- Case 2 (where I was the VC investor): I was leading a financing of an angel backed company. The largest angel investor didn’t like the valuation. The founders had been working for 9 months to try to raise money and were literally being held up by this angel. He was angry, hostile to the founders, generally unpleasant to deal with, and very irrational. We patiently worked through the issues (I really liked the founders.) At the 11th hour, the angel started insisting on new terms for himself (just him – not the other angels.) The company was out of money and had no options. I walked from the deal. The founders ended up giving the angel some of their equity to get him to support the deal (totally inappropriate behavior on his part.) We did the investments. Six months later the company was acquired – we made 3.5x our investment and the angel made over 5x his investment. Again, a successful outcome, but the entrepreneurs ended up with less then they should have gotten (and a lot of unnecessary stress.)
3. Is there anything a business owner can or should do to resolve the differences that may exist between his early stage angel investors and his later-stage venture investors?
- Pick your angel (and your VC) carefully.
- Do your homework / due diligence – make sure you know who / what your angels (and VC) are.
- Hire a real lawyer and do a real seed / Series A financing. Treat the angel investment professionally – just like you would an early stage VC investment.
Ken Norton has an incredible post up about his visit to Enron in 1999 while he was CTO at NBCi. Thanks for Mark Pincus for the link. I’ve filed this under “Internet Axis of Evil” because – even though “bogus stuff that doesn’t work” isn’t in Fred’s list, it belongs.
Heidi Roizen – one of my partners at Mobius Venture Capital and my close friend – just did her first podcast titled Heidi Roizen on Venture Capital: Silicon Valley is Back. Heidi never disappoints – enjoy!
This week’s Sunday New York Times was a treasure trove. In addition to having an incredible NY Times Magazine this week (Money 2005), Ben Stein had a phenomenal essay titled “Lessons in Gratitude, at the Basement Sink.” In contrast to the articles in the Magazine (money, money, money), Stein asserts that “Gratitude … is the only totally reliable get-rich-quick scheme.” He finishes with a lesson his dad taught him: “The zen of dishwashing. The zen of gratitude. The zen of riches.”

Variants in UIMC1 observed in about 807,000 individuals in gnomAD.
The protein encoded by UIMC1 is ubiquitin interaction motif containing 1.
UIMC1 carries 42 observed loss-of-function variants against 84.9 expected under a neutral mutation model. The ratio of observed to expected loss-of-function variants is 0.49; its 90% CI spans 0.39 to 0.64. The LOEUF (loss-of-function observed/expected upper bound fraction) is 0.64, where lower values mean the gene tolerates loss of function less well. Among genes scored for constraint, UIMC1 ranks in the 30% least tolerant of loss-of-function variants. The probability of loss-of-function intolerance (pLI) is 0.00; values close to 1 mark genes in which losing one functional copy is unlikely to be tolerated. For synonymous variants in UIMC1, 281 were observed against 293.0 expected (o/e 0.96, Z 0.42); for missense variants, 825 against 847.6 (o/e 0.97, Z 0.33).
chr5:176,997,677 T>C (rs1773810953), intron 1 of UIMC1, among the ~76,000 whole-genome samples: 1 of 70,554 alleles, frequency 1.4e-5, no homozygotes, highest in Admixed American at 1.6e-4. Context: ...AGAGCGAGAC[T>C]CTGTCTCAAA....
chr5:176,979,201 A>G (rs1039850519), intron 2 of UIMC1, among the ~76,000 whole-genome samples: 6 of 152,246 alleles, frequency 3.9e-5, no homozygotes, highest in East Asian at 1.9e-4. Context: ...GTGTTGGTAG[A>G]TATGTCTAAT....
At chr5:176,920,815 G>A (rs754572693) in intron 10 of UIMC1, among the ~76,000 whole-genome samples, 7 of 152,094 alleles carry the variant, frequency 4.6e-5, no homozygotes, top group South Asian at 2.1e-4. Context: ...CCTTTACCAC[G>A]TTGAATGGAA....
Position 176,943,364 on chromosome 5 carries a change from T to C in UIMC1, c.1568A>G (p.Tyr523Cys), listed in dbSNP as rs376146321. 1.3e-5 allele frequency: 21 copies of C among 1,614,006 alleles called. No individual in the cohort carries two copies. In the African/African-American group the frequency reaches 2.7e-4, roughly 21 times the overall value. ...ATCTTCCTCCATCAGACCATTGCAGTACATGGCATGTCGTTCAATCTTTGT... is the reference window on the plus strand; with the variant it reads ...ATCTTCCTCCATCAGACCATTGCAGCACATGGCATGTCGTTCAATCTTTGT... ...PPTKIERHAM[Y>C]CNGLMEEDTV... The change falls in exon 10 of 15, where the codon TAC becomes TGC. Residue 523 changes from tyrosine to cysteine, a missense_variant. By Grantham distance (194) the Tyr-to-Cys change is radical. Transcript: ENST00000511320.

Everyone should read this – and be grateful for whatever you have today.
I’ve been working my way through Eric von Hippel’s newest book Democratizing Innovation (Eric was my doctoral advisor at MIT – I didn’t get my Ph.D.) I needed a break (I’m reading it carefully because I’m worried that Eric will call me up and ask me hard questions about the book.) Amy and I went into Boulder yesterday for massages (the power was out at the hotel – so no massages) so we swung by The Boulder Bookstore to pick up some reading material for the time between ~massage and dinner.
Amy picked up the Sunday NY Times (great NY Times Magazine this weekend, BTW) and I picked up The Washingtonienne. I’d seen a review somewhere that it was titillating, provocative, enlightening, and a fast fun read. I found it titillating, provocative, depressing, and useful for anyone that’s thinking about blog privacy issues.
- Titillating: The story of The Washingtonienne was reasonably widespread in Washington DC and across the blogosphere in 2004. The author – Jessica Cutler – was fired from her job as an low level staffer in Sen. Mike DeWine’s (R-Ohio) office for blogging at work about her personal life. And – it was a pretty raunchy, hard partying, high sex life.
- Provocative: See titillating. Then – as you watch everything fall apart in the second half of the book, think about what was really going on.
- Depressing: Near the end of the book, Jessica gets introspective in a useful way. It’s powerful in a similar way as A Million Little Pieces and – while not as deep or intense – it’s emotionally revealing and pretty brave stuff. However, when you step back and think about it – and then think about the DC life that Jessica is describing – you can’t help but feel down about a subset of the human condition in our nation’s capital.
- Useful: As an active blogger, I spend plenty of time thinking about what is “appropriate” to write about. Companies are now coming out with blogging policies. There have been plenty of high profile firings of bloggers, along with some celebrity work bloggers. While Jessica’s story is an edge-case, it’s a useful one.
Jessica’s being a great American and turning her story into her 15 minutes of fame. If you are into blogging, privacy, or sex, there’s enough here to keep you interested for a couple of hours.
Fred Wilson wrote a long post on his investment in del.icio.us six weeks ago. I’ve been playing with del.icio.us and some of the other tagging services and finally got around to putting a del.icio.us link on my blog posts. So – while you can’t yet tag del.icio.us from within NewsGator Online (hint, hint), you can click through to my blog and tag directly if you so desire. Of course, if you are an avid del.icio.us user, blogger, or podcast junkie, there are already plenty of ways to use del.icio.us with Feedburner.